Could this be?

Could a bed of leaves and botanicals be the equivalent of a deep sand bed for denitrification and other nutrient-utilization processes? I think it's a possibility. I know that there have been some studies of natural deep leaf litter beds and theories postulates about them performing such functions, as well as influencing the pH of their surrounding waters via the process of fermentation.

There's a lot there for a knowledgable and ambitious hobbyist/scientist to work with.  Of course, on the most simple scale, we as hobbyists can test parts of the theory for ourselves...I can fall back on my couple of decades of playing with these tanks and personally never have had wildly fluctuating environmental parameters, high nitrates, etc. I just haven't...despite what seems like it should be something that goes with the territory: I mean, we keep tanks with decomposing leaves- something that would freak out a lot of hobbyists who haven't made the "mental shifts" that we have!

Damn, I think this is cool stuff; I just am not sure how to scientifically validate my theories, lol. Been thinking a lot about it as I manage my current brackish-water aquarium, now about 6 months old.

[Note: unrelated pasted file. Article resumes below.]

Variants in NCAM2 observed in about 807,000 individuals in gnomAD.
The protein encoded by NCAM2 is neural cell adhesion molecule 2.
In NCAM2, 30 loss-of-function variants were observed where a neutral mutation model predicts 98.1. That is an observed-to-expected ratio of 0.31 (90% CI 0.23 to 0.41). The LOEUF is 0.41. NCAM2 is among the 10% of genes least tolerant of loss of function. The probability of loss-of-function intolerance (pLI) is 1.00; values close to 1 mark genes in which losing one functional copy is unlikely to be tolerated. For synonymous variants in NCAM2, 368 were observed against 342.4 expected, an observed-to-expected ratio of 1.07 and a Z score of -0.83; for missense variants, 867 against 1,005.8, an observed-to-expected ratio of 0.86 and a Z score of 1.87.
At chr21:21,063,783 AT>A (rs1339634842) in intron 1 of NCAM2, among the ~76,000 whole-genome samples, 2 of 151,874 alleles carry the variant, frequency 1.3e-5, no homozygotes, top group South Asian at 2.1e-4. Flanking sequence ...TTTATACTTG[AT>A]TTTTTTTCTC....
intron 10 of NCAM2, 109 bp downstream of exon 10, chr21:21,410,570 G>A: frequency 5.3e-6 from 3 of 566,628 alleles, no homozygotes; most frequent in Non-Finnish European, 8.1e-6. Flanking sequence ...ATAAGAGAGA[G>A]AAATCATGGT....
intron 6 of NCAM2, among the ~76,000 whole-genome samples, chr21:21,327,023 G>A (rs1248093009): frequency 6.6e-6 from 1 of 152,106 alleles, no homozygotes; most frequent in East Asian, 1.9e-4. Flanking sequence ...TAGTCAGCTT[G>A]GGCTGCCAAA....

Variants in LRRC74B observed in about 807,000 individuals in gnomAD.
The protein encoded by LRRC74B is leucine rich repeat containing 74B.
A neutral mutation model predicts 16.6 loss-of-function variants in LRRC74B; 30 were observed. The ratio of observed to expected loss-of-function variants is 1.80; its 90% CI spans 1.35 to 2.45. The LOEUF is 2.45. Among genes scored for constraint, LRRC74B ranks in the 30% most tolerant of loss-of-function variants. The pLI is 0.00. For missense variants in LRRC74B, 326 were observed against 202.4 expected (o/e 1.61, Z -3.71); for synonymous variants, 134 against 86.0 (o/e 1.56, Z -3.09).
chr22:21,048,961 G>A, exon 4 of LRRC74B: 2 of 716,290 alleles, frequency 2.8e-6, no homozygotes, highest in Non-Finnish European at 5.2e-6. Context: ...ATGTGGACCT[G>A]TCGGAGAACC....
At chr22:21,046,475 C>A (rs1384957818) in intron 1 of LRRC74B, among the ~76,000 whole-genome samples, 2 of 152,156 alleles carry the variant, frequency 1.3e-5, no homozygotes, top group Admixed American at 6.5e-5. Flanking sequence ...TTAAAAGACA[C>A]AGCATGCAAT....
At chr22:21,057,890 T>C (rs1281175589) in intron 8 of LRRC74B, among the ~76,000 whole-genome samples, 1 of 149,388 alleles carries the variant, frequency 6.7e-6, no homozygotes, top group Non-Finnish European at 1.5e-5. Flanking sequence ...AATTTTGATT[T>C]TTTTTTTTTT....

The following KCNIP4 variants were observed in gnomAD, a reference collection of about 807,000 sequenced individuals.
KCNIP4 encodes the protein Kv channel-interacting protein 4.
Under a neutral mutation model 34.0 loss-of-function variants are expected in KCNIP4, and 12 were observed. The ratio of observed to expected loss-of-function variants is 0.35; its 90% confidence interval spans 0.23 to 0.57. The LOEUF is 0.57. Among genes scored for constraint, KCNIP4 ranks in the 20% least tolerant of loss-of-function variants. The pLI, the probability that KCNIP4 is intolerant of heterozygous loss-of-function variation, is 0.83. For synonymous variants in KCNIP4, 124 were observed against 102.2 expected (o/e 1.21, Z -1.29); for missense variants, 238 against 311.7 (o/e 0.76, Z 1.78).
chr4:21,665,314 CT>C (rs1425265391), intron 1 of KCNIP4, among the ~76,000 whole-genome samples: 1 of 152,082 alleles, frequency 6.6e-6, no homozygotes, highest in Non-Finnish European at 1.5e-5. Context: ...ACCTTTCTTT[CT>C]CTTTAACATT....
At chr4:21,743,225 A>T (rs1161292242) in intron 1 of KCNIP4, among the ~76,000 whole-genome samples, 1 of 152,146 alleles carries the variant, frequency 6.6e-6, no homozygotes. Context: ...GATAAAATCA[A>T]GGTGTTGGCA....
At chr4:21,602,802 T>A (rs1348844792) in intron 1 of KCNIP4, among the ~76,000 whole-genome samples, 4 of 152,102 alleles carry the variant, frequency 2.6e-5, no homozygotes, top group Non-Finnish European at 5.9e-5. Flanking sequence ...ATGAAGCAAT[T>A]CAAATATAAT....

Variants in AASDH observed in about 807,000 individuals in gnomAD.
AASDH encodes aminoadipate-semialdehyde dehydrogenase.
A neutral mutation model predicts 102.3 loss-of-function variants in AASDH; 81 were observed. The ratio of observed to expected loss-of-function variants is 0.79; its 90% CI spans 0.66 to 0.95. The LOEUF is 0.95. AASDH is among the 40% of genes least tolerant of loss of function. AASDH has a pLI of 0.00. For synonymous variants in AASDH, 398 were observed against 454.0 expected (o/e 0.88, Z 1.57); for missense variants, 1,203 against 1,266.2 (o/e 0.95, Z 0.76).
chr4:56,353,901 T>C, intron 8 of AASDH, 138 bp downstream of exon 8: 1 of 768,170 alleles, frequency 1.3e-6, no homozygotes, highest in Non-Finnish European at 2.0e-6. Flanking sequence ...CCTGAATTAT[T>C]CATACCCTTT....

Nonetheless, I think botanical-style tanks go through phases in their "evolution" just like more traditional systems. Yes, they look differently...because they fundamentally function differently. Or more accurately, they are allowed to function differently! 

What cool discoveries are yet to be made in this area? What processes will be amplified, exposed, and studied, based on our acceptance of what nature really does; really looks like, and really can do?

I don't know just yet- but I'm pretty excited thinking about it!

Stay thoughtful. Stay bold. Stay engrossed. Stay appreciative. Stay enthused...

And Stay Wet.


Scott Fellman

Tannin Aquatics 


Scott Fellman
Scott Fellman


2 Responses

Scott Fellman
Scott Fellman

September 03, 2018

Awesome input, Peter. Some really food points…The thing with tannins is that, as you probably know- there are just SO MANY different ones…I don’t think anyone has ever done a definitive study of the types of species tannins found in water in say, The Orinoco or Rio Negro, etc. We do have a hobby accessible tannin test kit…it measures in ppm…but WHICH one? And, WHAT DOES IT MEAN to have “ppm” of tannin in water, in regards to our fishes, lol?